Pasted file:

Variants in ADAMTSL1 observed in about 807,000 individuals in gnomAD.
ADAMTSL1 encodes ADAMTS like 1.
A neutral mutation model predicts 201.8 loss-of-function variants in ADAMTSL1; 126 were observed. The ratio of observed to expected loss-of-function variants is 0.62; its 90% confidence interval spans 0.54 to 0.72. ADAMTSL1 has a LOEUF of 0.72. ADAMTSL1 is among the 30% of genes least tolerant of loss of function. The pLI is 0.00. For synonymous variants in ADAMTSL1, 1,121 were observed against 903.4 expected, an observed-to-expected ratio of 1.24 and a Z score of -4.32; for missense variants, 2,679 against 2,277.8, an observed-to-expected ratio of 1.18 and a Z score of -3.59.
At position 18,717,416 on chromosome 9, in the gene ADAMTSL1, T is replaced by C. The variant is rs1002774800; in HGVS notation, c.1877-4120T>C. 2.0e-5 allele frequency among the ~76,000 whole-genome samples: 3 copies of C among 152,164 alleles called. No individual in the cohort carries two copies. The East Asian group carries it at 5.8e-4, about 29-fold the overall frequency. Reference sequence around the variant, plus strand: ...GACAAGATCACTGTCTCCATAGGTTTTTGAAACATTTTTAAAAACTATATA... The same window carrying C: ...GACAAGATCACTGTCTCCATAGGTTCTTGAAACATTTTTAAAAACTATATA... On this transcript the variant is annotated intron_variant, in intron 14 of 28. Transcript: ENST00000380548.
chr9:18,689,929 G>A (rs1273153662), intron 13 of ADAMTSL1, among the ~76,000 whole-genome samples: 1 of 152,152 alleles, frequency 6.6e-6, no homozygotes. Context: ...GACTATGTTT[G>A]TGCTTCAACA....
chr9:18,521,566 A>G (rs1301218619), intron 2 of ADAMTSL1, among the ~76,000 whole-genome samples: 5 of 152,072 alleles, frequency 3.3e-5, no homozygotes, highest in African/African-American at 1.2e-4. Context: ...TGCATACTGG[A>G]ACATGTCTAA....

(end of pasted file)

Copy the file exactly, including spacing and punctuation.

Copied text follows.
Variants in ADAMTSL1 observed in about 807,000 individuals in gnomAD.
ADAMTSL1 encodes ADAMTS like 1.
A neutral mutation model predicts 201.8 loss-of-function variants in ADAMTSL1; 126 were observed. The ratio of observed to expected loss-of-function variants is 0.62; its 90% confidence interval spans 0.54 to 0.72. ADAMTSL1 has a LOEUF of 0.72. ADAMTSL1 is among the 30% of genes least tolerant of loss of function. The pLI is 0.00. For synonymous variants in ADAMTSL1, 1,121 were observed against 903.4 expected, an observed-to-expected ratio of 1.24 and a Z score of -4.32; for missense variants, 2,679 against 2,277.8, an observed-to-expected ratio of 1.18 and a Z score of -3.59.
At position 18,717,416 on chromosome 9, in the gene ADAMTSL1, T is replaced by C. The variant is rs1002774800; in HGVS notation, c.1877-4120T>C. 2.0e-5 allele frequency among the ~76,000 whole-genome samples: 3 copies of C among 152,164 alleles called. No individual in the cohort carries two copies. The East Asian group carries it at 5.8e-4, about 29-fold the overall frequency. Reference sequence around the variant, plus strand: ...GACAAGATCACTGTCTCCATAGGTTTTTGAAACATTTTTAAAAACTATATA... The same window carrying C: ...GACAAGATCACTGTCTCCATAGGTTCTTGAAACATTTTTAAAAACTATATA... On this transcript the variant is annotated intron_variant, in intron 14 of 28. Transcript: ENST00000380548.
chr9:18,689,929 G>A (rs1273153662), intron 13 of ADAMTSL1, among the ~76,000 whole-genome samples: 1 of 152,152 alleles, frequency 6.6e-6, no homozygotes. Context: ...GACTATGTTT[G>A]TGCTTCAACA....
chr9:18,521,566 A>G (rs1301218619), intron 2 of ADAMTSL1, among the ~76,000 whole-genome samples: 5 of 152,072 alleles, frequency 3.3e-5, no homozygotes, highest in African/African-American at 1.2e-4. Context: ...TGCATACTGG[A>G]ACATGTCTAA....